A Dutch researcher develops the AGNES search engine, a “Google for archaeologists”

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New Delhi: The digital archive consists of an incredible amount of archaeological reports. However, a person who wants to search for information in these archives has to do it manually, which is a tedious activity.

Archaeologist Alex Brandsen, postdoctoral researcher in digital archeology at the University of Leiden, the Netherlands, used deep learning, a form of artificial intelligence, to develop a search engine capable of very precisely searching for archaeological information. The current search engine, called AGNES, can only search general keywords and titles of PDF files, such as “Middle Ages” and “pottery”, according to a statement released by Leiden University.

“If you are looking for axes in the Middle Ages, you should now download everything related to the Middle Ages and carry out an annual search,” said the Dutch researcher quoted in the press release.

The smart search engine is a kind of “Google for archaeologists”, the statement said.

Since the Treaty of Valletta (1992), archaeologists have produced an enormous amount of reports. The Treaty of Valletta, formally the European Convention for the Protection of the Archaeological Heritage (revised), is a multilateral treaty of the Council of Europe which aims to protect Europe’s archaeological heritage as a source of European collective memory and as as an instrument of historical memory and scientific study. The 1992 treaty regulates the management of Europe’s archaeological heritage.

If one intends to start construction work anywhere, he or she should first check if there is any archaeological heritage in the ground.

How Brandsen Developed AGNES, a Google for Archaeologists

In order to develop AGNES, Brandsen used deep learning and trained a language model to recognize words in archaeological reports, the statement said. An important factor taken into consideration was that the model should be able to recognize synonyms and distinguish between different meanings of a word.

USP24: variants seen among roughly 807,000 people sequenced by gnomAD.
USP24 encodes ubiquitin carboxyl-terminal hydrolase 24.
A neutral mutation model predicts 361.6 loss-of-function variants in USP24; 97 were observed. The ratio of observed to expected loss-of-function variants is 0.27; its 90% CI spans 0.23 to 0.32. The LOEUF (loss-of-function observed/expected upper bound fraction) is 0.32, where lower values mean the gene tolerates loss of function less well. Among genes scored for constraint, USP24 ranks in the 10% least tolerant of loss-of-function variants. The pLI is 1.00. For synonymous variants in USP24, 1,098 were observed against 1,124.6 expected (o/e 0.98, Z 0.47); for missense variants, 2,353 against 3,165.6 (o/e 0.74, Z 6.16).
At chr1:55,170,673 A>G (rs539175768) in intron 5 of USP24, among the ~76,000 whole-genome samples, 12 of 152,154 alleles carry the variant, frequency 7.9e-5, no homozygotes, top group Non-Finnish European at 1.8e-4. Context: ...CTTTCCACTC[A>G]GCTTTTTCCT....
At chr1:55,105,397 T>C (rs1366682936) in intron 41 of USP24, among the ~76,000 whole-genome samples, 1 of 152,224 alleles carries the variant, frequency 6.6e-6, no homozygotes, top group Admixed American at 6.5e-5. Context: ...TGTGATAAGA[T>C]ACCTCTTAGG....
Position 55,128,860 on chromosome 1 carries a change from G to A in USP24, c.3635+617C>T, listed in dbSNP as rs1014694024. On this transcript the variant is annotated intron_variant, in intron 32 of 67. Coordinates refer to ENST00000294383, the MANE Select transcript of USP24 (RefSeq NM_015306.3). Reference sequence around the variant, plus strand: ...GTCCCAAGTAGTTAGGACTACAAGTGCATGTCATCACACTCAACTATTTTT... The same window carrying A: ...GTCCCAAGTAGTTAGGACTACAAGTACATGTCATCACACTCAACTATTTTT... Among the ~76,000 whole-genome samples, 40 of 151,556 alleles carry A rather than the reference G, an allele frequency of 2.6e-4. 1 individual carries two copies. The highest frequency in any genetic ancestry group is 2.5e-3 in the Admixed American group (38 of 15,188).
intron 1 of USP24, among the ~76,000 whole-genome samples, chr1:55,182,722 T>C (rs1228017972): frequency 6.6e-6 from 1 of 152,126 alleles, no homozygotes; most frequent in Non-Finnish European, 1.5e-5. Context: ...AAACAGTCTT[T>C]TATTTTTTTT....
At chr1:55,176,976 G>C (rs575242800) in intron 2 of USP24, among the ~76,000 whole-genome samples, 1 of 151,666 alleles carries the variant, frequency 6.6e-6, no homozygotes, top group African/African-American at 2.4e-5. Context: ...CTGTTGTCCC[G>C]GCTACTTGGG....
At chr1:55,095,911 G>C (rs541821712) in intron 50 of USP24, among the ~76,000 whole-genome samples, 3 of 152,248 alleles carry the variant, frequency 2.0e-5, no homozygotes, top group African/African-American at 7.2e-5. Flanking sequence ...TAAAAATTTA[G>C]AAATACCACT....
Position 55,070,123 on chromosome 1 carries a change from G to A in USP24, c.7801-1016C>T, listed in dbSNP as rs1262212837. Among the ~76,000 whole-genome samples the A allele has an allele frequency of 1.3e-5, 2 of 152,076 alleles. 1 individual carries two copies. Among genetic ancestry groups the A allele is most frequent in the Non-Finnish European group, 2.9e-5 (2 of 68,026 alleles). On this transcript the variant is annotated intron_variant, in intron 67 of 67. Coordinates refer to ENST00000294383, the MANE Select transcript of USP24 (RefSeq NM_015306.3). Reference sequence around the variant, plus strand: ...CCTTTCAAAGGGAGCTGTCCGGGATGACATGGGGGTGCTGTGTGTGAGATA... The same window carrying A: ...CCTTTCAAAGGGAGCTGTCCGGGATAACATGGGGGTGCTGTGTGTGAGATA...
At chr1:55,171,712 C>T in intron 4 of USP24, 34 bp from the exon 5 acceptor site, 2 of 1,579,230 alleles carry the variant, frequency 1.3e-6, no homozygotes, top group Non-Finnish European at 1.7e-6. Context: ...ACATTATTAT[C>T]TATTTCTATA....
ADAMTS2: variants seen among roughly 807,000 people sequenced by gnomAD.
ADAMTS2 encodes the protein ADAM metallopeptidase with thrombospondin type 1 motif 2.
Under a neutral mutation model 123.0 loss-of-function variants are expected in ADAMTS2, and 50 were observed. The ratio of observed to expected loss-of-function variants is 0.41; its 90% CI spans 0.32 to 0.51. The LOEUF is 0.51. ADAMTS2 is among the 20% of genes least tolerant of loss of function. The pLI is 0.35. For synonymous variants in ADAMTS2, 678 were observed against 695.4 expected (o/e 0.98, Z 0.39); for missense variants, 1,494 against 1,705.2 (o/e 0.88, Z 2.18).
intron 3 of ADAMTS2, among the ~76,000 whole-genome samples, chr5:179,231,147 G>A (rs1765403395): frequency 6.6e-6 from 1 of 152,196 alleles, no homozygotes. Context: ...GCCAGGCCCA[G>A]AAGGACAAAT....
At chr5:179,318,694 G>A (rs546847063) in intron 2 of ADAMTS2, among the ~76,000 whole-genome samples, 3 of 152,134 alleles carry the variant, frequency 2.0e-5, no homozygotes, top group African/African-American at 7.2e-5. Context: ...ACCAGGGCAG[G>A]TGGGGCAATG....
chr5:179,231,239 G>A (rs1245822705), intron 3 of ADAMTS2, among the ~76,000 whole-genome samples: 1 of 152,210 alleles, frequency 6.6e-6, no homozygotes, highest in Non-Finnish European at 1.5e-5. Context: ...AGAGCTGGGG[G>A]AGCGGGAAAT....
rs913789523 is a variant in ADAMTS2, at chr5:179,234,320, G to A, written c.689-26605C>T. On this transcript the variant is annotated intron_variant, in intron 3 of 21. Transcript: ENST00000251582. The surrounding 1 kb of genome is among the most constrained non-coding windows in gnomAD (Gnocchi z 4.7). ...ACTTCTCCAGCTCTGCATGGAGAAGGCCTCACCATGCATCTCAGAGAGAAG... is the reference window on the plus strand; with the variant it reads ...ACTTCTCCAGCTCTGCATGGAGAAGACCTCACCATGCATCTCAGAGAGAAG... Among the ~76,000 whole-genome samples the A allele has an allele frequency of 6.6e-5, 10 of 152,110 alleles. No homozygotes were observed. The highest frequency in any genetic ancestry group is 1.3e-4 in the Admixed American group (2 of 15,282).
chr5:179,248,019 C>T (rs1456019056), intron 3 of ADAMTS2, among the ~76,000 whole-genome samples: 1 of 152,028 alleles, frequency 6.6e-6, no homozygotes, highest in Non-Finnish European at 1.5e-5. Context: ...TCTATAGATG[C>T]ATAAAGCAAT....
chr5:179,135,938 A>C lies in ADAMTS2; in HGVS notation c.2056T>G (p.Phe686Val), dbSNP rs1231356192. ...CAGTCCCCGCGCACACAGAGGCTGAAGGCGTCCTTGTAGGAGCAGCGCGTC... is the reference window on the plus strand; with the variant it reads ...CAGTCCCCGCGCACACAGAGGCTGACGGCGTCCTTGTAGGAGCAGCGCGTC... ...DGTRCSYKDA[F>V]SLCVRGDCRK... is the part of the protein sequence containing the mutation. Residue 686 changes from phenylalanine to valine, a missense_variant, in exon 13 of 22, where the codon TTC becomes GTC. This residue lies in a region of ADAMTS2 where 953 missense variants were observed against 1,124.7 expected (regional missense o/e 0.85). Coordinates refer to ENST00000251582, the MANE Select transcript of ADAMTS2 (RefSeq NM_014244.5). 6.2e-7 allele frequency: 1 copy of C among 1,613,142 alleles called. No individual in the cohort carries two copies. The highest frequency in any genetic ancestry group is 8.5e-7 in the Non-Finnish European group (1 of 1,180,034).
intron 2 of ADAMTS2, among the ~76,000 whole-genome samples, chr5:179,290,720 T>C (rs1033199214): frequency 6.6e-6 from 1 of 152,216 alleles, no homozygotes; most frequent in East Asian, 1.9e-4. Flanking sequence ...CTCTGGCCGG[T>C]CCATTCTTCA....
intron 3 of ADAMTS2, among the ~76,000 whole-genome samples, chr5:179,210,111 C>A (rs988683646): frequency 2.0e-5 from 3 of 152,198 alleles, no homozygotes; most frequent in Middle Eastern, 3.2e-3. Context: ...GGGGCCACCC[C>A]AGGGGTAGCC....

Brandsen said the word bijl can refer to an artifact you can cut things with, but it can also be a last name. He explained that if one searches for the bijl artifact, that is all the person will find and more Mr. Bijls.

The smart search engine can also be used to geographically search archaeological data, which will retrieve information about a user-specified area, according to the release.

How accurate is AGNES?

Brandsen tested the search engine with a colleague and said the latter had been given a database of cremations in the early Middle Ages in the Netherlands by an expert on the period. Brandsen added that the professor spent his whole life collecting this data, but with the search engine, archaeologists found 30% more early medieval cremations. “So you see even an expert doesn’t know everything because there’s so much data,” Brandsen said.

Now a rough version of AGNES is available online, the statement said. AGNES can perform searches with approximately 80% accuracy.

Brandsen will make the search engine more accurate and expand it by also allowing searches in other languages, Leiden University said on its website.

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